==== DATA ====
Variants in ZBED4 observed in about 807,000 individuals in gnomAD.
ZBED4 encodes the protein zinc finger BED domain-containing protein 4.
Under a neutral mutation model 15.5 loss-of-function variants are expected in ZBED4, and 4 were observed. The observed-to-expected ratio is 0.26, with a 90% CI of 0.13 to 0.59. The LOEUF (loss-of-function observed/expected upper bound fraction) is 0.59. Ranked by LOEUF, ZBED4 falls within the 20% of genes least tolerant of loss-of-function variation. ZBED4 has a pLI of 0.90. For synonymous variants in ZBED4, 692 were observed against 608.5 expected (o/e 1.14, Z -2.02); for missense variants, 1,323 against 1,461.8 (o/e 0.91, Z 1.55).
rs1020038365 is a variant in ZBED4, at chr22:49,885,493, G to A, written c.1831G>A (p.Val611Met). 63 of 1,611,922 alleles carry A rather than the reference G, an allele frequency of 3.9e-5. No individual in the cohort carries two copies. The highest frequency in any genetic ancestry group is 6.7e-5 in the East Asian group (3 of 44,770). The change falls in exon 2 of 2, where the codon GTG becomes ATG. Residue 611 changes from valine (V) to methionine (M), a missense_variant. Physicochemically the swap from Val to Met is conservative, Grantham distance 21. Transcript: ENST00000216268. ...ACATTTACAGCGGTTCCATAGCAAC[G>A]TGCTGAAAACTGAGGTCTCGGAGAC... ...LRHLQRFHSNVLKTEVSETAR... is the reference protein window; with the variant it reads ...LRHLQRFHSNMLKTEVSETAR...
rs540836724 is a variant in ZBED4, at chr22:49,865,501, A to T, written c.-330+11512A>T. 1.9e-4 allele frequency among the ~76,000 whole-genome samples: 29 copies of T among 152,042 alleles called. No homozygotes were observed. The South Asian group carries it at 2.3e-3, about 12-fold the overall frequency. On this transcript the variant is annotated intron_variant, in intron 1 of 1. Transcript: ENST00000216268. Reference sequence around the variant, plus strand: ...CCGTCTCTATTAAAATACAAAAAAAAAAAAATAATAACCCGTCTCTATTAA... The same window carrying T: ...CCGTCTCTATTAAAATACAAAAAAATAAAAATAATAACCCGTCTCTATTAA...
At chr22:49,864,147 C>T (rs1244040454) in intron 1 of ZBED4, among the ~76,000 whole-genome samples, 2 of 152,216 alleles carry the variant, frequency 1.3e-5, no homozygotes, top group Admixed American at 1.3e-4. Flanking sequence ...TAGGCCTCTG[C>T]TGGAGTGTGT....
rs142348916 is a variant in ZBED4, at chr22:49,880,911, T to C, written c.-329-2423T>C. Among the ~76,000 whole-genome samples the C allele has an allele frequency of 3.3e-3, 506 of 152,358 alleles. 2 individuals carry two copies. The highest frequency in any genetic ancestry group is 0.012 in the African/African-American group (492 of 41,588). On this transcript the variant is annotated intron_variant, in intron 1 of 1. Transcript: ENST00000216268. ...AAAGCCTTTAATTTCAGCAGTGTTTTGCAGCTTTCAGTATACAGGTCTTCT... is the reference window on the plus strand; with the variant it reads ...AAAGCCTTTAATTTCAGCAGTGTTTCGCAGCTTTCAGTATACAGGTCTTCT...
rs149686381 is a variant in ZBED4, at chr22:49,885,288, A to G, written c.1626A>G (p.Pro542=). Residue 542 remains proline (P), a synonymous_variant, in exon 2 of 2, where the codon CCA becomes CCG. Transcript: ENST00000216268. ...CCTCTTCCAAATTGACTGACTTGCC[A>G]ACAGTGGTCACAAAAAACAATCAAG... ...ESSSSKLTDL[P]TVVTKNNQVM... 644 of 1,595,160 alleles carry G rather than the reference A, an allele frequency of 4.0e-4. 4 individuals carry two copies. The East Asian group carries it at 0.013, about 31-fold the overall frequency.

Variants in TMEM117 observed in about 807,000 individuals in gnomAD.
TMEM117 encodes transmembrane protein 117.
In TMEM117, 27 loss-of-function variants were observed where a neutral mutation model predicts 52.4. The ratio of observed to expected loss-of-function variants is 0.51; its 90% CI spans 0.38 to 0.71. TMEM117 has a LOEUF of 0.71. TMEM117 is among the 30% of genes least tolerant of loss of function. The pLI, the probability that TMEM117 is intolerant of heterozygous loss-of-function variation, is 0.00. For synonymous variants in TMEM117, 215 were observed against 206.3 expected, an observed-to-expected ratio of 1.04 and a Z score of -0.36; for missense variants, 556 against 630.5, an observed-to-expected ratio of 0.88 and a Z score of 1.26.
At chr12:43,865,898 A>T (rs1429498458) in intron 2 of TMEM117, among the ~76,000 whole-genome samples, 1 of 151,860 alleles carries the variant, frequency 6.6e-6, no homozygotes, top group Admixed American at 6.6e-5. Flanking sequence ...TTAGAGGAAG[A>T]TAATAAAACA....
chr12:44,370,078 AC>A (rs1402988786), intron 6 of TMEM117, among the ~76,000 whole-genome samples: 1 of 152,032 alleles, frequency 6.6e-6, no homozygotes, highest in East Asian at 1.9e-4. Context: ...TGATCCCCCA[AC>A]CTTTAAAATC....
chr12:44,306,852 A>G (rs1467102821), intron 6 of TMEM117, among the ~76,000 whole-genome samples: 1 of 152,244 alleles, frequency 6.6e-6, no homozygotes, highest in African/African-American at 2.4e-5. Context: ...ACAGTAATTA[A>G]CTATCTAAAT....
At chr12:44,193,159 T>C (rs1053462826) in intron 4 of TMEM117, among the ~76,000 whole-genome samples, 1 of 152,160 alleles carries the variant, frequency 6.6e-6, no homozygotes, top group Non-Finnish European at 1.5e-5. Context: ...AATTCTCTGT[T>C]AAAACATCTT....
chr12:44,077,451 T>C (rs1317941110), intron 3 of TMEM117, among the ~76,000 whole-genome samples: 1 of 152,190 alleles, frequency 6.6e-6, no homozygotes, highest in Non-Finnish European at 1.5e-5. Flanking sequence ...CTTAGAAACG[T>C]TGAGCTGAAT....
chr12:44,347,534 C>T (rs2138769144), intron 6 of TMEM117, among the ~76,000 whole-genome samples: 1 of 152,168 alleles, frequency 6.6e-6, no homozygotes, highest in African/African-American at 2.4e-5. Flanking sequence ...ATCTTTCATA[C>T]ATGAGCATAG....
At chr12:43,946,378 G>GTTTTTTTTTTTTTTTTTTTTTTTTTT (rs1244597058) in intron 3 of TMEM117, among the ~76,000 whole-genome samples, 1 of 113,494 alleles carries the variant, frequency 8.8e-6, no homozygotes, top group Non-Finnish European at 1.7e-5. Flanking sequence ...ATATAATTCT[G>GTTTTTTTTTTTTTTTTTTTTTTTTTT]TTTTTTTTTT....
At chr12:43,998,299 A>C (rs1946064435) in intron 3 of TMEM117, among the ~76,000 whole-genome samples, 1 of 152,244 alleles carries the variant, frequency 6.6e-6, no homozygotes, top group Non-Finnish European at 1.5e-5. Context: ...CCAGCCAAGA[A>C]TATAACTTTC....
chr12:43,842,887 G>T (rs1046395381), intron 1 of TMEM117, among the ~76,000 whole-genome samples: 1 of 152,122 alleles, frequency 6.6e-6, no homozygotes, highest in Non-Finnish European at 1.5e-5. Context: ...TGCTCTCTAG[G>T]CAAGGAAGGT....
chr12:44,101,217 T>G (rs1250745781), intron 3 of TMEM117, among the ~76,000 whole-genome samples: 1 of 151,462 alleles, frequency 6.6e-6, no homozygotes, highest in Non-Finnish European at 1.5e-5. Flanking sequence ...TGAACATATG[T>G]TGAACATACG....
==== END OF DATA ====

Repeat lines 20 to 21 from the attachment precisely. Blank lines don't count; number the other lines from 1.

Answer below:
chr12:43,842,887 G>T (rs1046395381), intron 1 of TMEM117, among the ~76,000 whole-genome samples: 1 of 152,122 alleles, frequency 6.6e-6, no homozygotes, highest in Non-Finnish European at 1.5e-5. Context: ...TGCTCTCTAG[G>T]CAAGGAAGGT....
chr12:44,101,217 T>G (rs1250745781), intron 3 of TMEM117, among the ~76,000 whole-genome samples: 1 of 151,462 alleles, frequency 6.6e-6, no homozygotes, highest in Non-Finnish European at 1.5e-5. Flanking sequence ...TGAACATATG[T>G]TGAACATACG....